Gold Has a Golden Future in Revolutionizing Wearable Devices
A research team has used gold nanowires to develop a wearable sensor device that measures two bio-signals simultaneously.
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Top Olympic achievers are awarded the gold medal, a symbol revered for wealth and honor both in the East and the West. This metal also serves as a key element in diverse fields due to its stability in air, exceptional electrical conductivity, and biocompatibility. It’s highly favored in medical and energy sectors as the ‘preferred catalyst’ and is increasingly finding application in cutting-edge wearable technologies.
A research team led by Professor Sei Kwang Hahn and Dr. Tae Yeon Kim from the Department of Materials Science and Engineering at Pohang University of Science and Technology (POSTECH) developed an integrated wearable sensor device that effectively measures and processes two bio-signals simultaneously. Their research findings were featured in Advanced Materials, an international top journal in the materials field.
Wearable devices, available in various forms like attachments and patches, play a pivotal role in detecting physical, chemical, and electrophysiological signals for disease diagnosis and management. Recent strides in research focus on devising wearables capable of measuring multiple bio-signals concurrently. However, a major challenge has been the disparate materials needed for each signal measurement, leading to interface damage, complex fabrication, and reduced device stability. Additionally, these varied signals analysis requires further signal processing systems and algorithms.
The team tackled this challenge using various shapes of gold (Au) nanowires. While silver (Ag) nanowires, known for their extreme thinness, lightness, and conductivity, are commonly used in wearable devices, the team fused them with gold. Initially, they developed bulk gold nanowires by coating the exterior of the silver nanowires, suppressing the galvanic*1 phenomenon. Subsequently, they created hollow gold nanowires by selectively etching the silver from the gold-coated nanowires. The bulk gold nanowires responded sensitively to temperature variations, whereas the hollow gold nanowires showed high sensitivity to minute changes in strain*2.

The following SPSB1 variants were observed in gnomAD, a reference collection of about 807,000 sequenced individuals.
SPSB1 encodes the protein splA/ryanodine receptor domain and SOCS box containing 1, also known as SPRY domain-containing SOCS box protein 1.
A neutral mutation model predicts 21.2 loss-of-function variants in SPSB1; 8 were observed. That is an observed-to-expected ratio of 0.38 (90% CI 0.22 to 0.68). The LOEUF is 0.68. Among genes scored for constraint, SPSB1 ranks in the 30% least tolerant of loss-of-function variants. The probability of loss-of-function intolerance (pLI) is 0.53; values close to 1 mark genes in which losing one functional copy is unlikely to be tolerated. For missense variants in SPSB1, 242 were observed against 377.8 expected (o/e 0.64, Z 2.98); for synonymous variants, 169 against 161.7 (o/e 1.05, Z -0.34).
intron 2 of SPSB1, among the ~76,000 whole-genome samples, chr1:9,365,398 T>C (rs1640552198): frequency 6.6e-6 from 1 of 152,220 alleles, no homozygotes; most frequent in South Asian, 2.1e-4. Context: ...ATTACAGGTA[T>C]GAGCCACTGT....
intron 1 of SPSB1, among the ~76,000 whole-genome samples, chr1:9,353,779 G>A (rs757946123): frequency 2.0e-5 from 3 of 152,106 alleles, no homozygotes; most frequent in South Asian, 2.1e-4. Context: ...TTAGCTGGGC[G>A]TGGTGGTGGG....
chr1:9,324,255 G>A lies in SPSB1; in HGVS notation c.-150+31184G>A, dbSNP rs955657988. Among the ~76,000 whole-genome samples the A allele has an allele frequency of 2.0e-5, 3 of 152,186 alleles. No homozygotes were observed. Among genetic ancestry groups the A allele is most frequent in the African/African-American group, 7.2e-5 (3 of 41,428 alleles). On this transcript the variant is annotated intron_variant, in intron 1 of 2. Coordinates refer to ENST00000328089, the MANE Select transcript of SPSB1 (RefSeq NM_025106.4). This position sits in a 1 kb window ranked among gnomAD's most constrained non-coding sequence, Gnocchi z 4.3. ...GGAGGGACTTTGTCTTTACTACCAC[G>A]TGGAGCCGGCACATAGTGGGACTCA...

These nanowires were then patterned onto a substrate made of styrene-ethylene-butylene-styrene (SEBS) polymer, seamlessly integrated without separations. By leveraging two types of gold nanowires, each with distinct properties, they engineered an integrated sensor capable of measuring both temperature and strain. Additionally, they engineered a logic circuit for signal analysis, utilizing the negative gauge factor*3 resulting from introducing micrometer-scale corrugations into the pattern. This approach led to the successful creation of an intelligent wearable device system that not only captures but also analyzes signals simultaneously, all using a single material of Au.
Professor Sei Kwang Hahn stated, “This research underscores the potential for the development of a futuristic bioelectronics platform capable of analyzing a diverse range of bio-signals.” He added, “We envision new prospects across various industries including healthcare and integrated electronic systems.”
Reference: Kim TY, Hong SH, Jeong SH, et al. Multifunctional intelligent wearable devices using logical circuits of monolithic gold nanowires. Adv Mater. 2023;35(45):2303401. doi: 10.1002/adma.202303401
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